Solar Ovens and Little Girls

by Ben N on September 25, 2014

Recently, I was at the Seven Springs resort in Pennsylvania at the Mother Earth News Fair. I had a bit of “mad money” with me and got a good show-special deal on a solar oven that was based on evacuated tubes used in the solar heating industry.

A few days ago, my order arrived in the mail. I immediately used it to solar re-heat the previous night’s left-overs, with good results – piping-hot Chinese Chicken while working in my driveway.

Today, I was doing work to get ready for this coming weekend’s Milwaukee MakerFaire. At the same time, my wife took our little girl, Sophia, to the library for a cooking activity. She came home with a small bag of dough that she made herself (with only a little help from the librarian‚Ķ)

The idea was that children could take home their dough and have their parents bake it in their own oven.
“Sophie, how would you like to bake it in the SOLAR oven?” Her eyes lit up, followed immediately by a very enthusiastic “YES!!!!”

In the kitchen, I asked Sophie to roll the dough out into a breadstick shape as I got the baking tray for the solar oven and hit it with a coat of buttery-flavored cooking spray. She put the dough in the tray and carried it outside as I got the oven and folded it open to set it in the sunny driveway.

Sophie naturally tried to set the baking tray right at the focus of the reflectors – It was funny to see that she instinctively seemed to know the right location to put the food. Less obvious was how the tray actually loads into the evacuated tube from the end. I showed her how and let her slide the bread dough into the oven.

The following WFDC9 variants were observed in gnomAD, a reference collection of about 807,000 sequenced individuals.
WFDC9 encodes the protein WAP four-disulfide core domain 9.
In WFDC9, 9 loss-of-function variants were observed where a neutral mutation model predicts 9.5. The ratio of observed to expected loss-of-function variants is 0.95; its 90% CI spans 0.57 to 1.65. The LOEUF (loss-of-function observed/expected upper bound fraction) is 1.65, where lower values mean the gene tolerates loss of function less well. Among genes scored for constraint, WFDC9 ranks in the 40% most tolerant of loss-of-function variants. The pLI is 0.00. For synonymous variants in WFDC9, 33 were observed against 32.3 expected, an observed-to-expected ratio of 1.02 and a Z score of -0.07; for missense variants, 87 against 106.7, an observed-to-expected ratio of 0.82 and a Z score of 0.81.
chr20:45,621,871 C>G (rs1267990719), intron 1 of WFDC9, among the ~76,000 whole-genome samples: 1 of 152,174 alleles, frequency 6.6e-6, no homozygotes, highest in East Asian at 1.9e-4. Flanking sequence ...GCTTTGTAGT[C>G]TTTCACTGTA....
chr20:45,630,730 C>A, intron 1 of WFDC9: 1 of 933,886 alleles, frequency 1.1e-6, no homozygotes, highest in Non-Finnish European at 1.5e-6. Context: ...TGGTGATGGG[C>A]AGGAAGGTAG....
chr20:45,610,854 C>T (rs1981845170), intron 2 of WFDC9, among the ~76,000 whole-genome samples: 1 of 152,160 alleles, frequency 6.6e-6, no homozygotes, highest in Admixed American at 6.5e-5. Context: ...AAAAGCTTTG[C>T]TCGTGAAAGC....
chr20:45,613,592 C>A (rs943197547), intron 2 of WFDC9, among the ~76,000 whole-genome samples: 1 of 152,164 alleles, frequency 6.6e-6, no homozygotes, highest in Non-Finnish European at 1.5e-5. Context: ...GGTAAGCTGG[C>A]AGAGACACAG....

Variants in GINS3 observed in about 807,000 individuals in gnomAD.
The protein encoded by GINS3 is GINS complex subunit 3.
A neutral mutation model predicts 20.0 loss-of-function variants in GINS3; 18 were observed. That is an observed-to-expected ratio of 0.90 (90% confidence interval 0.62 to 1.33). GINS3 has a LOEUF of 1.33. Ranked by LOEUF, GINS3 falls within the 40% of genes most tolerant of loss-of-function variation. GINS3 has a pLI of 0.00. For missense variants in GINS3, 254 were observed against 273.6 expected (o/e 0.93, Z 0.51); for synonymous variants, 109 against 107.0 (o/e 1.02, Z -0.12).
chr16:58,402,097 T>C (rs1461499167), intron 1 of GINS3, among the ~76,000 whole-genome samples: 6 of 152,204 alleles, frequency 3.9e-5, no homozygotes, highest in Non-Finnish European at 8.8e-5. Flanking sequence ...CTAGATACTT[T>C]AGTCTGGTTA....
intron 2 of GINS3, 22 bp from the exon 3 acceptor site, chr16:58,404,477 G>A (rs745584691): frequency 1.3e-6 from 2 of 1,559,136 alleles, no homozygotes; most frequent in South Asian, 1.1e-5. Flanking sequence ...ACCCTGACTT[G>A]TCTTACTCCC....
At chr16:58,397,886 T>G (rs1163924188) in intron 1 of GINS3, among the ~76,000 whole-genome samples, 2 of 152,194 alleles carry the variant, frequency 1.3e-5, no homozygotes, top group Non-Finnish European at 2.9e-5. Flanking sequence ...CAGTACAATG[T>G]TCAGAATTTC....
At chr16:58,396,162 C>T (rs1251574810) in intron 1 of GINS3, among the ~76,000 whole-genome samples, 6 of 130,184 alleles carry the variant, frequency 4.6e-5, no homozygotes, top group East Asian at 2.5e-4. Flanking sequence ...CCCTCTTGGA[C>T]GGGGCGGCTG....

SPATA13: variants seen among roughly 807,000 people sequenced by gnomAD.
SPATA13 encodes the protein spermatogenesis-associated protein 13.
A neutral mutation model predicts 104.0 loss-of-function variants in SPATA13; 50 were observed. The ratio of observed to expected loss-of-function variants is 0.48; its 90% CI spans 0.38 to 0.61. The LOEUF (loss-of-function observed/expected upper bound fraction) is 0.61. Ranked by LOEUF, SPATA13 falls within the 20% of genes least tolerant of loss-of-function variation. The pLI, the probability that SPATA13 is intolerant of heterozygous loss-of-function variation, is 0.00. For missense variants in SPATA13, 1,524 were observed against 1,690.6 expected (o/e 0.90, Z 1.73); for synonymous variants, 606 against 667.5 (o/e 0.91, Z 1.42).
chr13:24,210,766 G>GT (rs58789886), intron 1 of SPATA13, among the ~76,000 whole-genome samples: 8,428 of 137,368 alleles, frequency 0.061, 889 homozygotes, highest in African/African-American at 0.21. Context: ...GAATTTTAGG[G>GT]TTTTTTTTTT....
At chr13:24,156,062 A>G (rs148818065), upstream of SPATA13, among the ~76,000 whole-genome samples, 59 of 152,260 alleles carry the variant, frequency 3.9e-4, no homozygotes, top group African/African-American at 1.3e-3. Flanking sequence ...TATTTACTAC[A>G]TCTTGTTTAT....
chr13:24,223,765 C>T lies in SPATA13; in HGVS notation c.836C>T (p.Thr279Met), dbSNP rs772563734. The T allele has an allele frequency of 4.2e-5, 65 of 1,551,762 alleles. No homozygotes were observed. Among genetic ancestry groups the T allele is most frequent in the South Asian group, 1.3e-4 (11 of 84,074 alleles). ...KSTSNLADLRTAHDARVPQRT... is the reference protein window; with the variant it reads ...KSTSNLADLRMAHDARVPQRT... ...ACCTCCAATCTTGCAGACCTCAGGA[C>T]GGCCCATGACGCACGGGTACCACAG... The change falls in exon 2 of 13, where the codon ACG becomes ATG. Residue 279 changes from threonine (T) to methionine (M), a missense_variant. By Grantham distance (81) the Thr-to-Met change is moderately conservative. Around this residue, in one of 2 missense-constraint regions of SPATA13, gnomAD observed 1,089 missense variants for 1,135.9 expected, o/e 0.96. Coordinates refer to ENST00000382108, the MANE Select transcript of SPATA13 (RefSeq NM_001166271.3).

She eyed the oven with glee and impatience. I explained that it would take a while to bake, so she headed back inside.

I kept a bare minimum amount of attention on the oven while I worked in the garage and driveway, occasionally eyeing the steam coming out, and watching the long late-in-the-day shadow of the house stretching towards the solar oven. I moved it once to get it back into the light and smelled that unmistakable scent of  steaming hot bread.

When it was about time, I called Sophie back out of the house and had her take the bread out. Although the inside of the oven can be hundreds of degrees, you can put your hand right on the glass tube to hold it in place while pulling the tray out of the oven. While some parents would never let a small child bake with an oven in the house, my not-quite-four-year-old was baking from scratch with nothing more than sunlight and stuck her hand right on the oven with narry a burn.

I just made sure that she didn’t touch the stainless steel of the baking tray as she carried it back into the house to set it on our cutting board. Next came the butter. There’s always room for butter.

The hot breadstick disappeared quickly by greedy bite-fulls. I was fortunate to get one nibble before it vanished completely.

It was pretty amazing to see my little girl do almost all the work herself. How many other children this age bake from scratch, and do it with renewable energy to boot?

It’s said that children are our future. When I see things like this, the future is looking pretty bright indeed.


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